Giants reliever Sergio Romo closes out the Reds. (Andy Lyons/Getty Images)

With booze spraying, music blaring and ballplayers dancing all around him, San Francisco Giants third-base coach Tim Flannery leaned against a locker with a bottle of champagne in his hand and reflected on a team that made molehills out of mountains all season long.

The Giants lost reliever Brian Wilson to Tommy John surgery. Outfielder Melky Cabrera got hit with a 50-game suspension. The Los Angeles Dodgers reloaded late in the season. And the Giants survived it all. So to Flannery, a former ballplayer, it’s no surprise the Giants didn’t flinch when they came to Cincinnati trailing two games to none in a best-of-five series, fully aware that no National League team had ever overcome such a deficit.

“These guys must not watch it or believe it or understand it,” he said. “They just show up and play together.”

The Giants capped a historic comeback Thursday afternoon with a drama-filled 6-4 victory over the Cincinnati Reds in Game 5 of the National League Division Series in front of 44,142 fans at the Great American Ball Park. San Francisco advances to face the winner of the St. Louis-Washington series in the National League Championship Series, which is scheduled to begin Sunday.

If the Nationals beat the Cardinals in Game 5 Friday night, they'll face a Giants’ squad much more energized than the one they saw in the regular season. Washington held a 5-1 advantage over the Giants this season, outscoring San Francisco, 45-24.

On Thursday, the Giants relied on strong pitching when they needed it most and one timely swing of the bat by catcher Buster Posey, whose fifth-inning grand slam buried the Reds in a hole from which they didn’t emerge.

“I just saw that he made a good swing, and his reaction kind of said it all,” said Giants starter Matt Cain, who picked up the win, allowing three runs and six hits in 52 / 3 innings. “He knew he got it.”

Since each league began staging a five-game division series in 1995, 21 National League teams had previously tried and failed to overcome a 2-0 deficit. In advancing, the Giants had to not only win three straight against the team that posted baseball’s second-best record, but they had to win all three on the road against a Reds squad that hadn’t lost three straight at home all season.

“Some things are hard to explain,” Giants Manager Bruce Bochy said.

In the home team's clubhouse, the Cincinnati collapse didn’t sit well with players or Manager Dusty Baker. Sure, they’d lost ace Johnny Cueto, who pulled muscles in his side in Game 1, after facing only one batter, but the Reds still needed only one win at home.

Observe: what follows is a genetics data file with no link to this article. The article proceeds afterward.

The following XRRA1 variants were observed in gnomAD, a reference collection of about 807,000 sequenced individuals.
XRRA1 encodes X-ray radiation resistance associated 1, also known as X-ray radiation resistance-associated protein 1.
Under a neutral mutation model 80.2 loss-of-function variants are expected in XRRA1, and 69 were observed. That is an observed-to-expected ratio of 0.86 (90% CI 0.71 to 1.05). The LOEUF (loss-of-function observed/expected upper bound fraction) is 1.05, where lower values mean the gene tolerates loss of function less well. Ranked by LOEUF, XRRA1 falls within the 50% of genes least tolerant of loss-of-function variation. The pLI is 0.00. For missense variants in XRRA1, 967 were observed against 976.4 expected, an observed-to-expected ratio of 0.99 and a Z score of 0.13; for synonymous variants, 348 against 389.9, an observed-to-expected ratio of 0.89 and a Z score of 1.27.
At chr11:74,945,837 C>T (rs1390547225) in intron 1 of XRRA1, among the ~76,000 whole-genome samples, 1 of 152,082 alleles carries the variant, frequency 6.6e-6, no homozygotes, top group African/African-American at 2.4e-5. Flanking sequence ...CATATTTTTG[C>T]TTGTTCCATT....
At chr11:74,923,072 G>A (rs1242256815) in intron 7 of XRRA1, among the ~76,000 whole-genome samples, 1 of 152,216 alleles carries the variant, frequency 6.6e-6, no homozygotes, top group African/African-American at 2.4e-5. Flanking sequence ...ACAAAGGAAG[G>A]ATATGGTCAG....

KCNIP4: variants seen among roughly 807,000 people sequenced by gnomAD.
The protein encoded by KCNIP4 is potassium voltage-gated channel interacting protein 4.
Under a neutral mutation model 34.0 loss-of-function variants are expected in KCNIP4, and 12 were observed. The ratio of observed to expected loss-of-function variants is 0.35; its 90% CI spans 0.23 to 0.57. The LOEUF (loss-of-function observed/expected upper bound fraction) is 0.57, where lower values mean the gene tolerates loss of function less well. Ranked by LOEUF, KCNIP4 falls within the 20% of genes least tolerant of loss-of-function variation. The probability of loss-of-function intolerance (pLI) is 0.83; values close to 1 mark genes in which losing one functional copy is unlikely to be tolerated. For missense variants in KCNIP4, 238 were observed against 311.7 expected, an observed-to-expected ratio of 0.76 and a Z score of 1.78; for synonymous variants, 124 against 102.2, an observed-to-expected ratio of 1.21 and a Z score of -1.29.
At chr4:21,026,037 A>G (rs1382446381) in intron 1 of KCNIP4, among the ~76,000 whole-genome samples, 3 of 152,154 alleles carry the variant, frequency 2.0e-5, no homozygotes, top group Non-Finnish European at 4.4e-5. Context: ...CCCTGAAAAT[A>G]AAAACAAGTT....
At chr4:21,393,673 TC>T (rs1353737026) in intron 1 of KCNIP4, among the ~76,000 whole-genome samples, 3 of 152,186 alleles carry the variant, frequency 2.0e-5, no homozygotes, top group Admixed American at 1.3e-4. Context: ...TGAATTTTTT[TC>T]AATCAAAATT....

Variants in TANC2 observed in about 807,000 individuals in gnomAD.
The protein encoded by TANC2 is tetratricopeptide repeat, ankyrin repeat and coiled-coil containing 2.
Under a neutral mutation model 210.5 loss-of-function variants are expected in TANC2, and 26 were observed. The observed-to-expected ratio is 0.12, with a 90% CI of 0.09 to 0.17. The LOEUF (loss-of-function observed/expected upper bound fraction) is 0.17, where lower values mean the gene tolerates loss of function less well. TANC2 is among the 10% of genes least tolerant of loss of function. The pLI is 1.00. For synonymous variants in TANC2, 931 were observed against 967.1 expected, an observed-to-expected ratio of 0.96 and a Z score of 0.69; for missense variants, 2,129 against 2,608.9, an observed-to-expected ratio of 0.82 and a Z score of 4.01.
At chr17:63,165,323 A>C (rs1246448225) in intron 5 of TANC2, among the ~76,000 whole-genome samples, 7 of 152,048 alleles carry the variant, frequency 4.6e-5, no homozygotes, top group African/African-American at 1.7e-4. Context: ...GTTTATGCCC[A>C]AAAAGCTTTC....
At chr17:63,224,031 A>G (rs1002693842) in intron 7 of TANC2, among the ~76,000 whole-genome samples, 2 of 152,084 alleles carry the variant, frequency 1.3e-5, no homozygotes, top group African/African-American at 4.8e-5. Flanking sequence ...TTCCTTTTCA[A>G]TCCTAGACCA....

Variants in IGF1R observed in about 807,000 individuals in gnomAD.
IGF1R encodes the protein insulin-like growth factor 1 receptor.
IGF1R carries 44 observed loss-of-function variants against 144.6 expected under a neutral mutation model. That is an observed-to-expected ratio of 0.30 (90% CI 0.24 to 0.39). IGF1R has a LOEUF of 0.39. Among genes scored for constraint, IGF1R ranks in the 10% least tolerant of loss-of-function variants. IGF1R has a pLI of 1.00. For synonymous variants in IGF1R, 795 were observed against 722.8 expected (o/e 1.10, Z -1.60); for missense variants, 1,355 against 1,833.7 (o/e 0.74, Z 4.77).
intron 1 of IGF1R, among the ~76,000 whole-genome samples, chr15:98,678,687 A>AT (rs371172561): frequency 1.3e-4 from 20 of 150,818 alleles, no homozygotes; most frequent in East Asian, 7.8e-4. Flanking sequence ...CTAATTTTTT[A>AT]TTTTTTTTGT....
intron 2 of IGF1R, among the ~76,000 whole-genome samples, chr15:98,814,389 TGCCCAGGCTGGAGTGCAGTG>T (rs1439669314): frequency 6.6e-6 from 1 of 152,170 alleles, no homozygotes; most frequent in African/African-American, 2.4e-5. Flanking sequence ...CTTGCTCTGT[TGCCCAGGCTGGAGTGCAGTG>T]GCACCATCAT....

“You get tired of the disappointments,” Baker said. “But then you get over it. It hurts, big time. I’m a strong man, and usually I get over hurts and it makes me stronger when I come back.”

On Thursday, Cincinnati starter Mat Latos held the Giants to just three hits through four innings, but outfield Gregor Blanco led off the fifth with a single to left. He’d score the game’s first run one batter later when Brandon Crawford ripped a triple into the right field corner. Crawford scored on a fielding error by Reds shortstop Zack Cozart.

The Giants then loaded the bases for Posey, who drilled a 2-2 pitch 434 feet over the left-center wall, hitting the electronic scoreboard just below the second deck. The grand slam lifted the Giants to a 6-0 lead.

“When you see . . . ball disappear and go as high as it did in this ballpark, it’s a no-doubter,” right fielder Hunter Pence said.

“We knew it was still going to be a fight,” Giants reliever Jeremy Affeldt said.

The Reds got on the scoreboard in the fifth when Brandon Phillips doubled to center, knocking in two. They added another in the sixth and managed to bring the tying run to the plate in each of the final four innings.

They stranded two in the seventh, two more in the eighth (courtesy of Angel Pagan’s diving catch in center), and in the ninth, after adding a run that cut the Giants’ lead to 6-4, the Reds again had two runners on base.

With thousands of red-clad fans twirling white towels, Scott Rolen stepped to the plate to face Sergio Romo, but Rolen didn't stay long. He went down swinging, ending the Reds season and punching the Giants’ ticket into the next round of postseason.

No one could’ve scripted the NLDS quite like this, but the Giants have been doing things their own way all season long, brushing aside trials and obstacles alike.

“In my mind, I knew it was going to have to take something weird,” Flannery said during the postgame celebration. “I knew we were going to have to catch a break. I knew there was going to have to be pitching and heroes. I think there was all of that.”